Prior to November 1, 1992, a computation using the spouse-to-spouse-to-child deeming
rules in A.1. above resulted in a child receiving SSI payments equal to or higher
than the payments would have been had neither parent filed for SSI. In no case did
the deeming rules disadvantage an eligible child — that is, in no case was more income
deemed to the child than would be deemed if neither parent filed for SSI.
Currently, and in most cases, a computation using the spouse-to-spouse-to-child deeming
rules in A.1. results in the same amount of deemed income to the child that would
apply if neither parent files for SSI. However, in certain cases, applying the spouse-to-spouse-to-child
rules in A.1. can result in a higher deemed income amount (and a lower, or no, SSI
payment) for the child.
A higher deemed income amount to the eligible child can result if:
there is an ineligible child allocation greater than zero; and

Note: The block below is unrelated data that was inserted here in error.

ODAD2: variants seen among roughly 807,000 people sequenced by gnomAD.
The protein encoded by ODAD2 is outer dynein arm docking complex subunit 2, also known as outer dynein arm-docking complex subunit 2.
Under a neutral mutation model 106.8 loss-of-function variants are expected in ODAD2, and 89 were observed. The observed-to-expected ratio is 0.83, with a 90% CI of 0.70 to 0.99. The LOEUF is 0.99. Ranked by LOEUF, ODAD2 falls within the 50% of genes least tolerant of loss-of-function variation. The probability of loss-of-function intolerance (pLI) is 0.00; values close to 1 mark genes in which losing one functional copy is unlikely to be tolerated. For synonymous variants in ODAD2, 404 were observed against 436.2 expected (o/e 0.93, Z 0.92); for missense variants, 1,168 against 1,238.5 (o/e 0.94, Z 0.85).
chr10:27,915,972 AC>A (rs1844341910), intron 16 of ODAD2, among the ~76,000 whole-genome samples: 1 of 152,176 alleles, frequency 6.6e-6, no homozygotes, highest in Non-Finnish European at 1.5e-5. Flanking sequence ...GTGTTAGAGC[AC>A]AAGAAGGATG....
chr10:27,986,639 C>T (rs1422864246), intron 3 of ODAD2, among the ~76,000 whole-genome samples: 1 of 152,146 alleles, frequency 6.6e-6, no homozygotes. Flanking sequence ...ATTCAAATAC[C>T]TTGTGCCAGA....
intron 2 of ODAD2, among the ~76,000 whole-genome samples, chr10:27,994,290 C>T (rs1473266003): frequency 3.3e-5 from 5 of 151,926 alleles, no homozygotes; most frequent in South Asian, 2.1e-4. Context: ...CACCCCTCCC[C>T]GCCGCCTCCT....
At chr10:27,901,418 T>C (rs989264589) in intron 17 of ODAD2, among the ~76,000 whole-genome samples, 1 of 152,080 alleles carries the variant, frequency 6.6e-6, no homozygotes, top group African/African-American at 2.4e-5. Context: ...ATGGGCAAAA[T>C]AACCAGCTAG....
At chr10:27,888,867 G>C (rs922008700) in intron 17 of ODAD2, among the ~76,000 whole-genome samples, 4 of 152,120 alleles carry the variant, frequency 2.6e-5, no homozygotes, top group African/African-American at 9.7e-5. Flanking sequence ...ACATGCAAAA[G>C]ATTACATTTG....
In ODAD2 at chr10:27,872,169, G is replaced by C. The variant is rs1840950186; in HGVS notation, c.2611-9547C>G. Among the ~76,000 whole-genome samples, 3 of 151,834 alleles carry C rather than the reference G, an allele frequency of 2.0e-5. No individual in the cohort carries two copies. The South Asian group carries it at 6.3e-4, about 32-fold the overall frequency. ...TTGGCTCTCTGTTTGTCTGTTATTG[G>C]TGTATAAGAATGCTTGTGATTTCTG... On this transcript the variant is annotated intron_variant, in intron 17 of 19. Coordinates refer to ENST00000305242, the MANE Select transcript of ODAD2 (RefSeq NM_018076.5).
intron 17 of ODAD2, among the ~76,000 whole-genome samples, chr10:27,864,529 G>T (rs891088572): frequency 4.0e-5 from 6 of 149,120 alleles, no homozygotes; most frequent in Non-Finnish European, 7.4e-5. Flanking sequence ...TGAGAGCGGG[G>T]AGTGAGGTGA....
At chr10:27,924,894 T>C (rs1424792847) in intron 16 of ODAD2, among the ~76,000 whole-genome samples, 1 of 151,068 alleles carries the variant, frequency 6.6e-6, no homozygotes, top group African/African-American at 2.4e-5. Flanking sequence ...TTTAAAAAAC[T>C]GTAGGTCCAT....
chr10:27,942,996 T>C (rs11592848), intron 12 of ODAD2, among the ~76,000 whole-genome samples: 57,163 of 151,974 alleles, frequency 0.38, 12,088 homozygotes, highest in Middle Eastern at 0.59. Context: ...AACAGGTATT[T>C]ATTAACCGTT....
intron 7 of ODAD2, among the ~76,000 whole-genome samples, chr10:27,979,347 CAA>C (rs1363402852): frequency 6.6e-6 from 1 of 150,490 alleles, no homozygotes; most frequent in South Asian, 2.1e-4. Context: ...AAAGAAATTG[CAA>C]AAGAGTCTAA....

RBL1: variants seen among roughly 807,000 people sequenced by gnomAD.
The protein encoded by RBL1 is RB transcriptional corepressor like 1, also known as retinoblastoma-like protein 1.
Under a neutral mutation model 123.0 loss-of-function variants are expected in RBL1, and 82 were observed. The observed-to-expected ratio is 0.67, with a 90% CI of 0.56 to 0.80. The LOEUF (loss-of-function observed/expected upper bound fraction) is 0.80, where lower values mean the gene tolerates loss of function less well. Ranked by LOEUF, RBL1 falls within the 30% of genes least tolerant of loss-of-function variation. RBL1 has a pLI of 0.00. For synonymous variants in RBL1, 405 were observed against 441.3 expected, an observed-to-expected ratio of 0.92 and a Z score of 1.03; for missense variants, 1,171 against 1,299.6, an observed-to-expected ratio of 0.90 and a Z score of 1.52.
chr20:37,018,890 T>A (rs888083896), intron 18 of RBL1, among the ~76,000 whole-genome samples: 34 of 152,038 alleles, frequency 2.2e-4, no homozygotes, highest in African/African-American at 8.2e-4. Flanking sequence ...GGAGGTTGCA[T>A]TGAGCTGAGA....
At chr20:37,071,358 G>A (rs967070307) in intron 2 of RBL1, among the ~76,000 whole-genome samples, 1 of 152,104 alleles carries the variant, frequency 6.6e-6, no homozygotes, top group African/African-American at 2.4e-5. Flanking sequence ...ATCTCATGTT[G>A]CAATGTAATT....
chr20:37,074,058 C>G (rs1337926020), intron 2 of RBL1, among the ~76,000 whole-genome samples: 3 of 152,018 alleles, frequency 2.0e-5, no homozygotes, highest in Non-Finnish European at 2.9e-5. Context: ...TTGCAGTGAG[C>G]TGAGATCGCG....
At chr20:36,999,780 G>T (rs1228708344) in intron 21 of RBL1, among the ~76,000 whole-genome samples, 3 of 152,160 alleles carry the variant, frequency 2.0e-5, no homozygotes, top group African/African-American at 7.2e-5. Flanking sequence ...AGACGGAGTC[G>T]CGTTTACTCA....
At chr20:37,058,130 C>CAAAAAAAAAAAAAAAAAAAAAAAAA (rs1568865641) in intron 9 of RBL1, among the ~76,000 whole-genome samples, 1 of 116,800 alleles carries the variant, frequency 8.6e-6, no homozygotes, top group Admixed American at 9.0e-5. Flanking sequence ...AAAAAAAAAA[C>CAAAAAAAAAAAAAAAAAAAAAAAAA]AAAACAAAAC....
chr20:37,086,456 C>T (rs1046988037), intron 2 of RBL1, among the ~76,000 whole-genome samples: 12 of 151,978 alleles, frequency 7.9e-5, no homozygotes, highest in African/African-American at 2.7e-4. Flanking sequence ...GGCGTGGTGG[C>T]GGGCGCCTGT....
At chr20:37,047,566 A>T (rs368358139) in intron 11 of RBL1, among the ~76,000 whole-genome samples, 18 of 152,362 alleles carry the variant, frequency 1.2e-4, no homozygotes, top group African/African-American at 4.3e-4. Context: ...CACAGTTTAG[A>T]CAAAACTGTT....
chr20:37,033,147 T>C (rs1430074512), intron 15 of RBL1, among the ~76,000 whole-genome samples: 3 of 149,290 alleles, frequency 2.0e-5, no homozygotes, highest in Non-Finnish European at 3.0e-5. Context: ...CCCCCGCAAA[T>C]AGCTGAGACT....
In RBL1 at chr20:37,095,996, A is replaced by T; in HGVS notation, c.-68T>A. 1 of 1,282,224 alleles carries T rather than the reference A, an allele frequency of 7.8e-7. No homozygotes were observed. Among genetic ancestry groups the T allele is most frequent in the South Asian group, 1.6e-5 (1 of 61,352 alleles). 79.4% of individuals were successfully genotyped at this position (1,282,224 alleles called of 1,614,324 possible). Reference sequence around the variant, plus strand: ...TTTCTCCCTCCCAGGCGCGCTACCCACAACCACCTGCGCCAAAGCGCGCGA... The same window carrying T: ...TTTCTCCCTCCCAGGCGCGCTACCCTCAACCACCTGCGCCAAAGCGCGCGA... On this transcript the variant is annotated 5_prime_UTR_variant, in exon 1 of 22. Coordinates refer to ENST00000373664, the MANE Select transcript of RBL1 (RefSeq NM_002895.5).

the parent who has not filed for SSI has monthly earned income greater than $65 (and
unearned income, if any, that is less than the net ineligible child allocation in
the first bullet); and
the parent who has filed for SSI has unearned income.
EXAMPLE: The deeming household consists of an eligible child, an ineligible child with no income,
an ineligible parent with monthly earnings of $2,300, and a parent filing for SSI
(in 1995) with monthly unearned income of $200.
The parent filing for SSI is income-ineligible because of spouse-to-spouse deeming.
If the parent nevertheless files a claim, more income will be deemed to the eligible
child than would be deemed if no claim were filed:
|Parent Files SSI Claim
||Parent Does Not File
|Ineligible Chld Allocation
||Ineligible Chld Allocation
|General Income Exclusion
|Deemed to Child
||Deemed to Child